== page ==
Predictive modeling in property/casualty insurance has been most widely used in pricing, underwriting and marketing personal insurance products such as personal auto and residential. Commercial lines, however, may be a bridge too far to cross with predictive models.

Executive Summary

In Part 2 in a series of articles on the pitfalls of predictive modeling, Ira Robbin discusses the applications of models to P/C insurance—particularly credit scoring, telematics and claims predictions—as well as why models are more suited for personal lines than commercial. For the complete report, download the entire whitepaper, "Predictive Modeling Pitfalls Whitepaper: When to Be Cautious."

This three-part series focuses on the use of predictive models in property/casualty insurance and illustrates several pitfalls.Here, in part 2, we review the pricing and claims applications of predictive models in personal lines pricing, and examine some questions about the applicability to such models to commercial lines pricing.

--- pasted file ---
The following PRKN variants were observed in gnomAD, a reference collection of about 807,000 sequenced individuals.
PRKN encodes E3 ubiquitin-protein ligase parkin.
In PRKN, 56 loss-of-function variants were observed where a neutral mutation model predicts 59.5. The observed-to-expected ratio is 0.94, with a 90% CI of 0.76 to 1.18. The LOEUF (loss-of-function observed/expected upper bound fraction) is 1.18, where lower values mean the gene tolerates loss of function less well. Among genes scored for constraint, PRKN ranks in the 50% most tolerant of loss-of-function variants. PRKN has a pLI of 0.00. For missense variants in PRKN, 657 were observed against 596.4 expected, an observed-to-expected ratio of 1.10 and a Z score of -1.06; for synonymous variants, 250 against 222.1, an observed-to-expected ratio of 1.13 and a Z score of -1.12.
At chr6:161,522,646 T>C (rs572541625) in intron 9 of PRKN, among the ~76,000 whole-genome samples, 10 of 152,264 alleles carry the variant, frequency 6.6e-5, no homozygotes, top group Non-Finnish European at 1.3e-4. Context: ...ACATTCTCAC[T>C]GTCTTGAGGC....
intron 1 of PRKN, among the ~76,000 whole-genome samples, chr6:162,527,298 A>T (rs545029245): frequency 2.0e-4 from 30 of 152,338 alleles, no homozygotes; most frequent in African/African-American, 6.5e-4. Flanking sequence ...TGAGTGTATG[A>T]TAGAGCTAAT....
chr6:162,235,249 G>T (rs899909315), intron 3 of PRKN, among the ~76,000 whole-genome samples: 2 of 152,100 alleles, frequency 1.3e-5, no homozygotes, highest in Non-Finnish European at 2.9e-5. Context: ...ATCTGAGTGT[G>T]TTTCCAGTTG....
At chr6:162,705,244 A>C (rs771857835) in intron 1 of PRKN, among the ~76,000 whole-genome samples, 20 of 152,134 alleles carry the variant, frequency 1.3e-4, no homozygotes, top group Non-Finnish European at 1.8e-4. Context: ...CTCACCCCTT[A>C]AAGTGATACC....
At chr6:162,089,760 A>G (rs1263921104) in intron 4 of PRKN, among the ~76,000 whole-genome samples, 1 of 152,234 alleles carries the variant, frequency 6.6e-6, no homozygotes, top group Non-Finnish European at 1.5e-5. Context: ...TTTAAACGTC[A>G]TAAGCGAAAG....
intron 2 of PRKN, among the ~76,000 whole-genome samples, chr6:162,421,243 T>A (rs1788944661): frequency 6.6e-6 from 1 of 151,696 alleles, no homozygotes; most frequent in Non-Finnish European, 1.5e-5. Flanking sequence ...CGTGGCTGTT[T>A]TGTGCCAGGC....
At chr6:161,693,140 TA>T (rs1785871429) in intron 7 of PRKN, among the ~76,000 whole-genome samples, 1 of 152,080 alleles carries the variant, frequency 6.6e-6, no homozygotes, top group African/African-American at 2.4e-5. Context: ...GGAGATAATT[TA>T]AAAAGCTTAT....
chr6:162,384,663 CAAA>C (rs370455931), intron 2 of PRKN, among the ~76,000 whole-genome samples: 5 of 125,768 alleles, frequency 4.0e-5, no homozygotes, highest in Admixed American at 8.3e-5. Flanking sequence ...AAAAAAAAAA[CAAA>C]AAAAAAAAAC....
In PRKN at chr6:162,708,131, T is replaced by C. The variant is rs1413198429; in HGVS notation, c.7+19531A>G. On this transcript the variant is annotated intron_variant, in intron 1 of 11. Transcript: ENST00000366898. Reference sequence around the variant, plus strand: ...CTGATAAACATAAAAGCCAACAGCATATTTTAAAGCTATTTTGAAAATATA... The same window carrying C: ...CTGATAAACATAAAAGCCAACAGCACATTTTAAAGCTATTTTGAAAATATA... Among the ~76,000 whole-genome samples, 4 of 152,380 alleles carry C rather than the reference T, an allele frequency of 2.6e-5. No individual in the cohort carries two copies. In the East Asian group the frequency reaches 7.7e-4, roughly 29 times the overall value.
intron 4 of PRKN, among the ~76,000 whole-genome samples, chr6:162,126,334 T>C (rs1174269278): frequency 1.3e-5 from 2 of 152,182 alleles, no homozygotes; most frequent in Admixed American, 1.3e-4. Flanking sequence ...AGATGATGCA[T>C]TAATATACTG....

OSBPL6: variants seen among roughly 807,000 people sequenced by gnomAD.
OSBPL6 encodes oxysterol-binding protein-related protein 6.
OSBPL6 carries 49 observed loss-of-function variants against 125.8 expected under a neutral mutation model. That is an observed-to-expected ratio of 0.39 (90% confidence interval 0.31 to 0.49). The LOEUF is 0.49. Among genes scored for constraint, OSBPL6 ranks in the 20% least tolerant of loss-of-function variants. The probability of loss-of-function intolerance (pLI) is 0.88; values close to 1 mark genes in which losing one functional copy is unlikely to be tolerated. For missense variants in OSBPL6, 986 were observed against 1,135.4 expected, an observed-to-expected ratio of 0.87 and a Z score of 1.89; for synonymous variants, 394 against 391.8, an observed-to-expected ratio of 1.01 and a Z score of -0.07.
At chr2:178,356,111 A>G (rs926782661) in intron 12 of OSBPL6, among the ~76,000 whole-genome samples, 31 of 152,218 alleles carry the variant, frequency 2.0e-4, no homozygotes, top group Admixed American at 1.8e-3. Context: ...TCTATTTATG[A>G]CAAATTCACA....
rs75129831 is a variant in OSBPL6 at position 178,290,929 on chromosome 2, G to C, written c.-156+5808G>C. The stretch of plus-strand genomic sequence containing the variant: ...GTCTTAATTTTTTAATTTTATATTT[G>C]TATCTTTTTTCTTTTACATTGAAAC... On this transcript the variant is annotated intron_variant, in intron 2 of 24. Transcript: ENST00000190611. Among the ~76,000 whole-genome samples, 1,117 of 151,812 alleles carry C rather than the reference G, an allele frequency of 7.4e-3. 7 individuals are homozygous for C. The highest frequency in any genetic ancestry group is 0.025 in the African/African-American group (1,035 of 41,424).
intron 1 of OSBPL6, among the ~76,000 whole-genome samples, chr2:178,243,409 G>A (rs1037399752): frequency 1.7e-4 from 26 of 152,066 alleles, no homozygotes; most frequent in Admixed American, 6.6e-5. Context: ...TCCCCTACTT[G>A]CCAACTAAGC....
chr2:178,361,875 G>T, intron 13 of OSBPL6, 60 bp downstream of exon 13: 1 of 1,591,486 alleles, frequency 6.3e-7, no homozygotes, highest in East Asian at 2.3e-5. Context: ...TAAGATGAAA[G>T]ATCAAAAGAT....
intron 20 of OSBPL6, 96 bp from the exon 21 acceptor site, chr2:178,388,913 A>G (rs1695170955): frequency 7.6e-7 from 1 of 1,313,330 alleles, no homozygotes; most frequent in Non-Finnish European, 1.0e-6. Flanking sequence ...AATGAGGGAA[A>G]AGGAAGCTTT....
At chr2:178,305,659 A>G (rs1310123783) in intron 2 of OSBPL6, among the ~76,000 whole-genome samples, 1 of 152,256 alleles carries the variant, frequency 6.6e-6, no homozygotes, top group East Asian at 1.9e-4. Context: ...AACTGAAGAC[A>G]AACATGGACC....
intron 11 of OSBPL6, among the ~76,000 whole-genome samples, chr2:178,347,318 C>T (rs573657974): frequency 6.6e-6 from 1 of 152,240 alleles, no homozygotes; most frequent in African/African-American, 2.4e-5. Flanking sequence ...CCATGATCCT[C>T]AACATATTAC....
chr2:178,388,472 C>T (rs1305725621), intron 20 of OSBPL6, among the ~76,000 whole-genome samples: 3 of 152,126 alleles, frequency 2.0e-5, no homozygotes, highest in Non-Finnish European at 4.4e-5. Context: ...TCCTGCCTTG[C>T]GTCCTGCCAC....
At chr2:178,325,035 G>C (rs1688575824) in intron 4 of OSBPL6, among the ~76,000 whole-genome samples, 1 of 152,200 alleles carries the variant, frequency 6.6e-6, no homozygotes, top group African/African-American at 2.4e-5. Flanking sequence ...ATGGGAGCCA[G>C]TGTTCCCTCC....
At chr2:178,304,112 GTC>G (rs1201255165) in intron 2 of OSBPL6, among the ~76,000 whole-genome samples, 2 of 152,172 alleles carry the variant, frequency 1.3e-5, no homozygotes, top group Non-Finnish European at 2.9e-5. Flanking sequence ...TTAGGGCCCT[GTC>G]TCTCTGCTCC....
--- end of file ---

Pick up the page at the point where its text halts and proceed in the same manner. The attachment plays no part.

Personal Lines

Applications in those lines are well suited for predictive modeling, since there are a large number of policyholders and extensive, reliable information on their attributes. The number and size of the claims for each policyholder are known over many policy periods. There are enough claims and the losses are usually small enough that any real effects come through and are not overwhelmed by noise.

There is also a clear reward and a potentially large payoff: A company with a better model than its competitors might be able to find the most profitable niches, ones of which its competitors are not aware. It can also better avoid unprofitable classes.

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